tags: art drawing english words weekly

  • So much of what we see as cast in stone was written in garbage just a short time ago.

    tags: grading education history itrt weekly

  • “Defenders of the humanities claim a special role in training citizens for a democratic society and often have deeply felt convictions about democratizing knowledge and including new voices. The mainstream of humanities research has, however, focused upon virtuoso scholarship, published in subscription publications to which only academics have access, and composed for small networks of specialists who write letters for tenure and promotion and who meet each other for lectures and professional gatherings. Students in the humanities remain, to a very large degree, subjects of a bureaucracy of information, where they have no independent voice and where they never move beyond achieving goals narrowly defined by others. The newly re-engineered sciences have reorganized themselves to give students a substantive voice in the development of knowledge and to become citizens in a republic of learning. The STEM disciplines certainly have not fully realized these lofty ideals but they are far ahead of most of their colleagues in the humanities and in Greek and Latin studies.

    tags: liberalarts he highered weekly

  • I’m hoping this opens up sooner rather than later. It feels like digress.it on steroids and a little like actively learn.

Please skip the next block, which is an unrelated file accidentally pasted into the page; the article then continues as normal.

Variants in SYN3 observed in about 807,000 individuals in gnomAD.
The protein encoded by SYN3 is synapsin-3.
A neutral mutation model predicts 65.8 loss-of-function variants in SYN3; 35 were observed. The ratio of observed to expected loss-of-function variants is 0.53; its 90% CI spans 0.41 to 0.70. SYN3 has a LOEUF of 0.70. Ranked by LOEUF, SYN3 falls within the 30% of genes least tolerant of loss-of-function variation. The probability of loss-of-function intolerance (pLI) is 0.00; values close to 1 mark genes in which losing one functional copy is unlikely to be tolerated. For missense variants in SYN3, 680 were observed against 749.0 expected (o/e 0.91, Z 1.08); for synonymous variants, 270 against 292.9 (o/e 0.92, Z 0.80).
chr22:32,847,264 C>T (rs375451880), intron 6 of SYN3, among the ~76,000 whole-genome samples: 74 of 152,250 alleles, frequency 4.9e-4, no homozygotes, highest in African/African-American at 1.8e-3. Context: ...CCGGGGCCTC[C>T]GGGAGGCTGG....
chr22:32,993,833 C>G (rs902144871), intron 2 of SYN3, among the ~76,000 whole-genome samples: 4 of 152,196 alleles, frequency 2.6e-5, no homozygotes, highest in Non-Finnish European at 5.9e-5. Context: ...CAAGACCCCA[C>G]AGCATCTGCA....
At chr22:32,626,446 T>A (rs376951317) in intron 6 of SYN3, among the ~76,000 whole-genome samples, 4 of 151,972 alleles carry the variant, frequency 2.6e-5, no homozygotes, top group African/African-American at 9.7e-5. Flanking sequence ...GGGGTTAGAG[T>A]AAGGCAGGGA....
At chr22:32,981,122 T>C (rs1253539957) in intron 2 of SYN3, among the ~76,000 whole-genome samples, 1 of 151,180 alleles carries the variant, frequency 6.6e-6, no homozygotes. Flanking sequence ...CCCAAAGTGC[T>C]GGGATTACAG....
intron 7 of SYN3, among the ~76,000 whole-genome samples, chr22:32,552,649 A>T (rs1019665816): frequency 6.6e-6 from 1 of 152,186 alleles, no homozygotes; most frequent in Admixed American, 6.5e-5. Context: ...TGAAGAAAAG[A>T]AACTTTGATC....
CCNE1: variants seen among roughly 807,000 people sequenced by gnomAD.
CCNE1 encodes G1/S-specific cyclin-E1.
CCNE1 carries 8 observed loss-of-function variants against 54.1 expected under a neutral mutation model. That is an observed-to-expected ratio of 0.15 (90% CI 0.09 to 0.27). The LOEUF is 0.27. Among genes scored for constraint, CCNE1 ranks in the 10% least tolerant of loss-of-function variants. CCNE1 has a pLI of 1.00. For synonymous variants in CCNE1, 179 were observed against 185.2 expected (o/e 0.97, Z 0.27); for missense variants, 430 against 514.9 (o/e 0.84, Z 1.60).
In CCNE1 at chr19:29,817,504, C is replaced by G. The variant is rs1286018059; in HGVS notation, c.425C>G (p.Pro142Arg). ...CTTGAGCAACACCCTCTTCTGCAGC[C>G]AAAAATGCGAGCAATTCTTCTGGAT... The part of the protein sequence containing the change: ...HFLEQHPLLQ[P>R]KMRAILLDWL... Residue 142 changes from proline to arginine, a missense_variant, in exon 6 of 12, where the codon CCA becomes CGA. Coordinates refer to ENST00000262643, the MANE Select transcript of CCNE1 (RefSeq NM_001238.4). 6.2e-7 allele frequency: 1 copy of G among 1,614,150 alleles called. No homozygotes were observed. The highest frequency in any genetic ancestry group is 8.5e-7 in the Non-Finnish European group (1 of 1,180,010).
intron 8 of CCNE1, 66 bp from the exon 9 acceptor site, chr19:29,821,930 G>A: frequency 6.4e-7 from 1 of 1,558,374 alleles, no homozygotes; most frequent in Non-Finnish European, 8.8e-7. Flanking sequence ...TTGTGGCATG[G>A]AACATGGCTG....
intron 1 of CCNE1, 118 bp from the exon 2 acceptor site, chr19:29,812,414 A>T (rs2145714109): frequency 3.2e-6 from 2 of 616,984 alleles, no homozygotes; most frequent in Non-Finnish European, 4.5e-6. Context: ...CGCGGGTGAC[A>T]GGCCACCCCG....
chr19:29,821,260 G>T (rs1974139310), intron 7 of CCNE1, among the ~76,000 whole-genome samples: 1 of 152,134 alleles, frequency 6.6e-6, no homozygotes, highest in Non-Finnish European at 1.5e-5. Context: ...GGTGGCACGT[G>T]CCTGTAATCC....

tags: book future english annotation itrt weekly

  • “Just because you clocked 15 hours at your office, with likely dry eyeballs and a complete lack of focus, doesn’t mean you’ve accomplished things in a smart way. Many people have written or spoken about this. Typically, you have 90-120 minutes before you devolve into internet fodder or social media. If you’re putting in 15 straight hours at your desk, without breaks, how good is your output? How much time are you wasting?

    The distinction between working hard versus smart has hit me as an entrepreneur. In high school and college I was always that girl who read all the assigned reading (and no, I was not giving you my study guide). I created outlines, outlines of outlines, and then flashcards. One of my greatest lessons as a businessperson has been to throw out that skill set. This isn’t to say you shouldn’t be diligent or that you should half-heartedly execute, but rather, that it’s crucial to know what you have to do as opposed to everything you could do. It’s about being strategic.

    For once, I’d like to hear someone brag about their excellent time management skills, rather than complain about how much they can’t get done. Maybe we could learn something from each other.”

    tags: weekly time energy focus itrt